The truth (finally) catches up with college football.


Listen To You Tell Me Texas Friday 4/4/14


Seldom (as in: up until now, never) do I agree with the National Labor Relations Board. But last week they got something right. The NLRB ruled that the players on the Northwestern University football team qualify as employees of the university and thus have the right to unionize.

Let me make clear that I’m not a fan of unions. Most of the big-name unions in the United States are little more than legal money-laundering operations. They take money from their members in the form of dues, they give that money in massive quantities to Democratic candidates for office who in turn pass laws and promote regulations favorable to the leadership of the unions. Member representation is purely incidental.

Nor am I a fan of the National Labor Relations Board. The NLRB uses its power as an agency of the federal government to bully companies and employers for the benefit of labor unions.

But I cannot argue the logic of NLRB Regional Director Peter Sung Ohr. Ohr rendered a ruling in favor of a position presented by the College Athletes Players Association (CAPA), an organization whose founding was spearheaded by outgoing Northwestern quarterback Kain Colter.

The CAPA asked the National Labor Relations Board to find that college football is, for all practical purposes, a commercial enterprise that relies on players’ labor to generate hundreds of millions of dollars in profits.

The NLRB agreed with that position, saying that football players are not “primarily students.” Their activities on the football field are subject to the direct control of the university and they are required to spend as many as 60 hours per week practicing for and playing in football games. That is more time than they spend in classes and is more time than is necessary under any state or federal law to be counted as a fulltime employee.

In his testimony to the NLRB, Northwestern quarterback Kain Colter said that the coaches discouraged him from taking academically rigorous classes and that they do not permit scholarship players to miss a practice if it conflicts with a class.

There are many who decry the ruling and I am one of them. I cringe at the thought of the federal government shoving unionization down the throat of anyone. I detest the very idea of unionizing a bunch of college kids.

But the industry that is major college football has only itself to blame for this one.

Division I college football is a national enterprise that is repeatedly guilty of taking young men, many of them from severely disadvantaged economic circumstances, laughably labeling them as “student athletes” and then using them to generate millions of dollars in revenue.

In return, these “student athletes” are given access to college classes of dubious academic value leading to a degree (for the minority who graduate) of dubious economic value.

Put simply, major college football programs are guilty of the very kind of worker exploitation that led to the creation of labor unions in the first place.

That it finally bit ‘em where it hurts should surprise no one.

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Paul Gleiser

Paul L. Gleiser is president of ATW Media, LLC, licensee of radio stations KTBB 97.5 FM/AM600, 92.1 The TEAM FM in Tyler-Longview, Texas.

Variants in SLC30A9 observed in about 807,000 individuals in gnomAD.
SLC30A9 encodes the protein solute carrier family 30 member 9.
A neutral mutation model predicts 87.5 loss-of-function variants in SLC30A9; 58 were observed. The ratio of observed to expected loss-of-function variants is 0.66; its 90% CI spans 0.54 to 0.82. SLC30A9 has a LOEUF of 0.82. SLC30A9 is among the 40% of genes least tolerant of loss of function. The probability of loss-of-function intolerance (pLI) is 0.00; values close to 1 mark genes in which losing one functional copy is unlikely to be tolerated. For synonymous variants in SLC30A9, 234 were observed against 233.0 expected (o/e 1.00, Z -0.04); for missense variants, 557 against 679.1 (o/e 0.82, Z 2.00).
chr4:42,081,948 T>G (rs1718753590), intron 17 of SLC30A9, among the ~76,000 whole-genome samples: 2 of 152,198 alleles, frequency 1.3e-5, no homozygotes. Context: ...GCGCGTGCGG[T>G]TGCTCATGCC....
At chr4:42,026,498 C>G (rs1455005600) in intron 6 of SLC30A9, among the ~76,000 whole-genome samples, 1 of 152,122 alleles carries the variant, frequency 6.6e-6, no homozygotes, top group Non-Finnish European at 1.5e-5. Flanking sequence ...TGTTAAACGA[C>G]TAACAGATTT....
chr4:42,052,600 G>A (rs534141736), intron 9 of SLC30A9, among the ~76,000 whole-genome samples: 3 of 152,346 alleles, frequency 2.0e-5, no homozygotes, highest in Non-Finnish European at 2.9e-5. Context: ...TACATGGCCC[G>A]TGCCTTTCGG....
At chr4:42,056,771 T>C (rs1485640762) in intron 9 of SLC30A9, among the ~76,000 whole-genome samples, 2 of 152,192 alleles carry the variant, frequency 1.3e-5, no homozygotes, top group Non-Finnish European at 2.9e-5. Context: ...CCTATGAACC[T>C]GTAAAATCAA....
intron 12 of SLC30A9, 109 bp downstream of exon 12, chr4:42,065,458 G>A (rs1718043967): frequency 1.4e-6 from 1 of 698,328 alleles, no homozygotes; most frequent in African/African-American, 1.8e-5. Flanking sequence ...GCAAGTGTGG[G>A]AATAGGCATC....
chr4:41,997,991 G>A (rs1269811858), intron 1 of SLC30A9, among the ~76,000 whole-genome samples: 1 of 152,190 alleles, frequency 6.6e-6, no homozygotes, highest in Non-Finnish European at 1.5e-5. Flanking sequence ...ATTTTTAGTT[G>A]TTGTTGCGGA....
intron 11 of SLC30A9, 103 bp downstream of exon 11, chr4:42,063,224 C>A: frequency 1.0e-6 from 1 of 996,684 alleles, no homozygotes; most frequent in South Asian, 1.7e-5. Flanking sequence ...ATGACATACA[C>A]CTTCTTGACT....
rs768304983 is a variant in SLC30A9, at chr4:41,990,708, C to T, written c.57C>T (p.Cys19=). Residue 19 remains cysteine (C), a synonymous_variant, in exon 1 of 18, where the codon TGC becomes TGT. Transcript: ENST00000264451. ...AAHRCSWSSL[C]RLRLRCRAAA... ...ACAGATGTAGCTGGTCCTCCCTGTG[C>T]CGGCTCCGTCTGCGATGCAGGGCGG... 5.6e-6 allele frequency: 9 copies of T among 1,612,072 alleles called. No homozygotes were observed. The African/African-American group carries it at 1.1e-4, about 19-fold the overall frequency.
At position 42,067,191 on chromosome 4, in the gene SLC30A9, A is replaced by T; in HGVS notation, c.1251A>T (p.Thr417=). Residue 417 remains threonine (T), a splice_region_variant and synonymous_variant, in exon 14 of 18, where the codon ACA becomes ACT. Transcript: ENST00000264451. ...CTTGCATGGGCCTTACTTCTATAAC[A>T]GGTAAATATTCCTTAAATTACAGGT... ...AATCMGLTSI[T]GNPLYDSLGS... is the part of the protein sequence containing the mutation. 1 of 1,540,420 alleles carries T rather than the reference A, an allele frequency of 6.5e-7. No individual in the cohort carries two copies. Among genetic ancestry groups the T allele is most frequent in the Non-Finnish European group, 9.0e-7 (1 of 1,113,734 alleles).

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3 Responses

  1. bearzilla says:

    Having attended Baylor University on a football scholarship, i will use a line from my Contracts class in Baylor Law School–contracts are like wrestling, for every hold, there is a guard against it. It might not be the universities and coaches themselves to blame so much as the NCAA. Unquestionably a lot of young men and women, today, are just so much ka-ching fodder, but i have also seen a lot of those same people get a degree from an institution that they otherwise would not have been able to get into, much less graduate from for lack of money.

    I can’t speak for the other schools and it has been 50 years since i was on the field, but sometimes when we had to have a 5:30 class in the spring semester, our coaches turned us loose to make that class. My last teammate that i spook with, was yesterday and he became an attorney and now a Criminal District Judge in Tarrant County. Not bad for a poor boy from De Leon County. If he could have been paid for his troubles on the field, i wonder how much more today, he would be worth? 50 years is a long time to compound!

  2. Perry Moore says:

    This is too delicious to come to fruition. If the players vote to strike, do they have to start going to class? Will union long snappers be allowed to snap the ball to non-union place kick holders? Most importantly, as a former student athlete, am I entitled to reparations?

  3. Chris Moore says:

    I’m going to start by saying I don’t disagree with you. I am looking for your thoughts on how this would apply to non-scholarship students and about the four-year restriction on ball players. If they are employees do they have the right to hang around after their four years are over? Do they get another position? And how would this affect walk-ons?
    I think that this decision brings more beef to the argument that there should be NFL farm teams or a semi-pro organization that has true merit. Maybe the NFL ought to authorize a couple of farm teams per NFL franchise and skip the university setting. Let’s face it; many of these players wouldn’t be in college without the full financial support they receive in return for playing. Maybe they could just step into a play-for-pay life.
    Of course, the colleges will scream at the loss of their cash cows, but universities are supposed to be about education. Sports are supposed to be extracurricular, not primary priority.

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